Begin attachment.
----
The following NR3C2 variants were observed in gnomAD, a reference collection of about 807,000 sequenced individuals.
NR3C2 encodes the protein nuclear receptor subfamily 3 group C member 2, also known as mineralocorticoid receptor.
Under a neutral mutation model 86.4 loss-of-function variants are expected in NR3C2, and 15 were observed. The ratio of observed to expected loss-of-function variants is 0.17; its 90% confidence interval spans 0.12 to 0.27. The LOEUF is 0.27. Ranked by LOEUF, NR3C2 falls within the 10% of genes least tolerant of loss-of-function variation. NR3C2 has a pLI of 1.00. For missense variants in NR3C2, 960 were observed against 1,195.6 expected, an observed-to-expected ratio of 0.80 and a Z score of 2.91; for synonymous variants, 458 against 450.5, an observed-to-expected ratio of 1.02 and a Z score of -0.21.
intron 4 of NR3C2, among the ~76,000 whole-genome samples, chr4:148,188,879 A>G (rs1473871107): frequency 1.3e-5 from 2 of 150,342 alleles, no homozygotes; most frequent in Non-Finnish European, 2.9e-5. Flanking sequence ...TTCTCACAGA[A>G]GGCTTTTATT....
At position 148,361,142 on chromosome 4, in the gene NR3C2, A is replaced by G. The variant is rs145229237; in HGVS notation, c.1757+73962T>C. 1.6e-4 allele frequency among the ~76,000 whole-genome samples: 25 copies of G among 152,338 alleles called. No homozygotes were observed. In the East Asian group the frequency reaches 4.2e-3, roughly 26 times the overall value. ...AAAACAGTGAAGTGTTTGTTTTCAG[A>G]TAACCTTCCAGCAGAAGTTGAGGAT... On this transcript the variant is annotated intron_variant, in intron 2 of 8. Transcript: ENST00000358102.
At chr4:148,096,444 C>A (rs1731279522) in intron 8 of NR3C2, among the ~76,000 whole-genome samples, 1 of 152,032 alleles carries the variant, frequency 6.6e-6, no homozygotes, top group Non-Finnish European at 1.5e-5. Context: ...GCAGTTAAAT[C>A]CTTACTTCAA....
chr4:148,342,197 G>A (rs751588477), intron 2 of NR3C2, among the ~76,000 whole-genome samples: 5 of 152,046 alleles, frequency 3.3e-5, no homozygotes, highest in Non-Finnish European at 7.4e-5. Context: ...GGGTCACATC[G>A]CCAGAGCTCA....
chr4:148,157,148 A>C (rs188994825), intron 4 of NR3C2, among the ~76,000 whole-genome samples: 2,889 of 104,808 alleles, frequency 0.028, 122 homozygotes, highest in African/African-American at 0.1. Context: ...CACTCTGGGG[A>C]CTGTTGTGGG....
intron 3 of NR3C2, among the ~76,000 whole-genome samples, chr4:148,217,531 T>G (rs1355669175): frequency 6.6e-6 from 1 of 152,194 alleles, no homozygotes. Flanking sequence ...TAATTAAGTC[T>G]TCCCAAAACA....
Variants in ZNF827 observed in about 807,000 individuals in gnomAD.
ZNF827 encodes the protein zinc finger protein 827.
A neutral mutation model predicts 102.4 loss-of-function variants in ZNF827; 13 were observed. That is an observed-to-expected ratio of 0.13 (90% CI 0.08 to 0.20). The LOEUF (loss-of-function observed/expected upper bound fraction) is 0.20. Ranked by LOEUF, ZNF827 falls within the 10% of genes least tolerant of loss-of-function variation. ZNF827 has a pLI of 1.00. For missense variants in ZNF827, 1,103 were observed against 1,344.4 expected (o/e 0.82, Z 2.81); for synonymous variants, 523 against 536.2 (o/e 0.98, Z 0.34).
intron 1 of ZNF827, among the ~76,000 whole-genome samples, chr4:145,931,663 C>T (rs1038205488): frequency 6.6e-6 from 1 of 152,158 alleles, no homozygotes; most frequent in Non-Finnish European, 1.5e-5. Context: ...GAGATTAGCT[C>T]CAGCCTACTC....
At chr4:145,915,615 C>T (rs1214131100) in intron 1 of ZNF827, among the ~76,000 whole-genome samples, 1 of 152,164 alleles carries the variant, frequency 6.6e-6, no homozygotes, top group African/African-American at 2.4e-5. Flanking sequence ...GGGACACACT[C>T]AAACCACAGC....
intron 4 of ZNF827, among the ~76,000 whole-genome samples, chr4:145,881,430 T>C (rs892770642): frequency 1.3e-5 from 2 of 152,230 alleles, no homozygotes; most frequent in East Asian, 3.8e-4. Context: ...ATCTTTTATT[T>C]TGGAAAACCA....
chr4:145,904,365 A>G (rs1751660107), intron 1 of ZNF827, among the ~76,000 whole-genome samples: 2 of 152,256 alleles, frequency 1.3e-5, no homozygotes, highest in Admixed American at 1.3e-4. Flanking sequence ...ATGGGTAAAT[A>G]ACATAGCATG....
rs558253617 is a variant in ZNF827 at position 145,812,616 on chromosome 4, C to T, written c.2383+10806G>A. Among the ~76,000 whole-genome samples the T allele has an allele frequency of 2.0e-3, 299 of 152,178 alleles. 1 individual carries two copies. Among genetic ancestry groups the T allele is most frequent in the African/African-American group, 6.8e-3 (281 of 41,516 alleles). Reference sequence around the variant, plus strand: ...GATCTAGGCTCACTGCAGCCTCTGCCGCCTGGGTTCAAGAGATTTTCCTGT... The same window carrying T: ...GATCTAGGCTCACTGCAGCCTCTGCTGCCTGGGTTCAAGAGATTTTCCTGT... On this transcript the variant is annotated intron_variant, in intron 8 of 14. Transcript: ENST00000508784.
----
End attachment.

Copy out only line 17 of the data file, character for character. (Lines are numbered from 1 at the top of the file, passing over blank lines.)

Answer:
rs558253617 is a variant in ZNF827 at position 145,812,616 on chromosome 4, C to T, written c.2383+10806G>A. Among the ~76,000 whole-genome samples the T allele has an allele frequency of 2.0e-3, 299 of 152,178 alleles. 1 individual carries two copies. Among genetic ancestry groups the T allele is most frequent in the African/African-American group, 6.8e-3 (281 of 41,516 alleles). Reference sequence around the variant, plus strand: ...GATCTAGGCTCACTGCAGCCTCTGCCGCCTGGGTTCAAGAGATTTTCCTGT... The same window carrying T: ...GATCTAGGCTCACTGCAGCCTCTGCTGCCTGGGTTCAAGAGATTTTCCTGT... On this transcript the variant is annotated intron_variant, in intron 8 of 14. Transcript: ENST00000508784.